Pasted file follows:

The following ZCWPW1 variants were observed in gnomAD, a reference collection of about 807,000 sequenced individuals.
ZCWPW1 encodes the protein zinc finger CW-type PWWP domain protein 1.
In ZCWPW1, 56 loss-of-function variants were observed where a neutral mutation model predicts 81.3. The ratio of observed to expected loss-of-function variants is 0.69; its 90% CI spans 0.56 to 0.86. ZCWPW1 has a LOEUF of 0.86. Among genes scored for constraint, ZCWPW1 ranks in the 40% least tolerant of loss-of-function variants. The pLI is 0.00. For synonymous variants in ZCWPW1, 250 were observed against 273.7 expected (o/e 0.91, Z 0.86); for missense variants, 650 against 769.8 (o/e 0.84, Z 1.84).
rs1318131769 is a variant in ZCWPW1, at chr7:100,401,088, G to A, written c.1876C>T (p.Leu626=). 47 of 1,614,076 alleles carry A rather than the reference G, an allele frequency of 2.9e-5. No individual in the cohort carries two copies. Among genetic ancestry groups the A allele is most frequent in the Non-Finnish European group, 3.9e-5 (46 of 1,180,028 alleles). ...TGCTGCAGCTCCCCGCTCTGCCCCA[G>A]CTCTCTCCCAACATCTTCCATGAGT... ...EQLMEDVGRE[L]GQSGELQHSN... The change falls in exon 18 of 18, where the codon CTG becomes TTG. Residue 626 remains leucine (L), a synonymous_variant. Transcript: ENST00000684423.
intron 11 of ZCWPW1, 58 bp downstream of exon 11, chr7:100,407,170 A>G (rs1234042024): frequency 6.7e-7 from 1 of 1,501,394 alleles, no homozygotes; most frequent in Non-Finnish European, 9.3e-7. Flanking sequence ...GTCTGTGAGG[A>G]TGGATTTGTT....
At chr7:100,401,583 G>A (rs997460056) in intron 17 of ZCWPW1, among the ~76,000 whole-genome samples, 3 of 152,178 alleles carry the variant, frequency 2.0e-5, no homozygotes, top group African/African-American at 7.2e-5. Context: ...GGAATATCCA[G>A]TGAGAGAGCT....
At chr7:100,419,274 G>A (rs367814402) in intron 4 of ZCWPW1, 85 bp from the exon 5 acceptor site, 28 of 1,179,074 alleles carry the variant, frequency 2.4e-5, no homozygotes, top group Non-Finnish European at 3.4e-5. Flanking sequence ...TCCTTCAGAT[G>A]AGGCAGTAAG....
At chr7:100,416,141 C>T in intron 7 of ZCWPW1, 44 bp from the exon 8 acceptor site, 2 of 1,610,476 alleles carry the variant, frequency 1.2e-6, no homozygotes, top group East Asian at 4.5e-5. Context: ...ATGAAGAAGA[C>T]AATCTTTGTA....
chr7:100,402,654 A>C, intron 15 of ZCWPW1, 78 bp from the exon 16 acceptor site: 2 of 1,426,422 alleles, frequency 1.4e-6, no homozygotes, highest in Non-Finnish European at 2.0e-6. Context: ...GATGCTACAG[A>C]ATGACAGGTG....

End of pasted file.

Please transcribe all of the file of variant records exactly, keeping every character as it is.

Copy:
The following ZCWPW1 variants were observed in gnomAD, a reference collection of about 807,000 sequenced individuals.
ZCWPW1 encodes the protein zinc finger CW-type PWWP domain protein 1.
In ZCWPW1, 56 loss-of-function variants were observed where a neutral mutation model predicts 81.3. The ratio of observed to expected loss-of-function variants is 0.69; its 90% CI spans 0.56 to 0.86. ZCWPW1 has a LOEUF of 0.86. Among genes scored for constraint, ZCWPW1 ranks in the 40% least tolerant of loss-of-function variants. The pLI is 0.00. For synonymous variants in ZCWPW1, 250 were observed against 273.7 expected (o/e 0.91, Z 0.86); for missense variants, 650 against 769.8 (o/e 0.84, Z 1.84).
rs1318131769 is a variant in ZCWPW1, at chr7:100,401,088, G to A, written c.1876C>T (p.Leu626=). 47 of 1,614,076 alleles carry A rather than the reference G, an allele frequency of 2.9e-5. No individual in the cohort carries two copies. Among genetic ancestry groups the A allele is most frequent in the Non-Finnish European group, 3.9e-5 (46 of 1,180,028 alleles). ...TGCTGCAGCTCCCCGCTCTGCCCCA[G>A]CTCTCTCCCAACATCTTCCATGAGT... ...EQLMEDVGRE[L]GQSGELQHSN... The change falls in exon 18 of 18, where the codon CTG becomes TTG. Residue 626 remains leucine (L), a synonymous_variant. Transcript: ENST00000684423.
intron 11 of ZCWPW1, 58 bp downstream of exon 11, chr7:100,407,170 A>G (rs1234042024): frequency 6.7e-7 from 1 of 1,501,394 alleles, no homozygotes; most frequent in Non-Finnish European, 9.3e-7. Flanking sequence ...GTCTGTGAGG[A>G]TGGATTTGTT....
At chr7:100,401,583 G>A (rs997460056) in intron 17 of ZCWPW1, among the ~76,000 whole-genome samples, 3 of 152,178 alleles carry the variant, frequency 2.0e-5, no homozygotes, top group African/African-American at 7.2e-5. Context: ...GGAATATCCA[G>A]TGAGAGAGCT....
At chr7:100,419,274 G>A (rs367814402) in intron 4 of ZCWPW1, 85 bp from the exon 5 acceptor site, 28 of 1,179,074 alleles carry the variant, frequency 2.4e-5, no homozygotes, top group Non-Finnish European at 3.4e-5. Flanking sequence ...TCCTTCAGAT[G>A]AGGCAGTAAG....
At chr7:100,416,141 C>T in intron 7 of ZCWPW1, 44 bp from the exon 8 acceptor site, 2 of 1,610,476 alleles carry the variant, frequency 1.2e-6, no homozygotes, top group East Asian at 4.5e-5. Context: ...ATGAAGAAGA[C>T]AATCTTTGTA....
chr7:100,402,654 A>C, intron 15 of ZCWPW1, 78 bp from the exon 16 acceptor site: 2 of 1,426,422 alleles, frequency 1.4e-6, no homozygotes, highest in Non-Finnish European at 2.0e-6. Context: ...GATGCTACAG[A>C]ATGACAGGTG....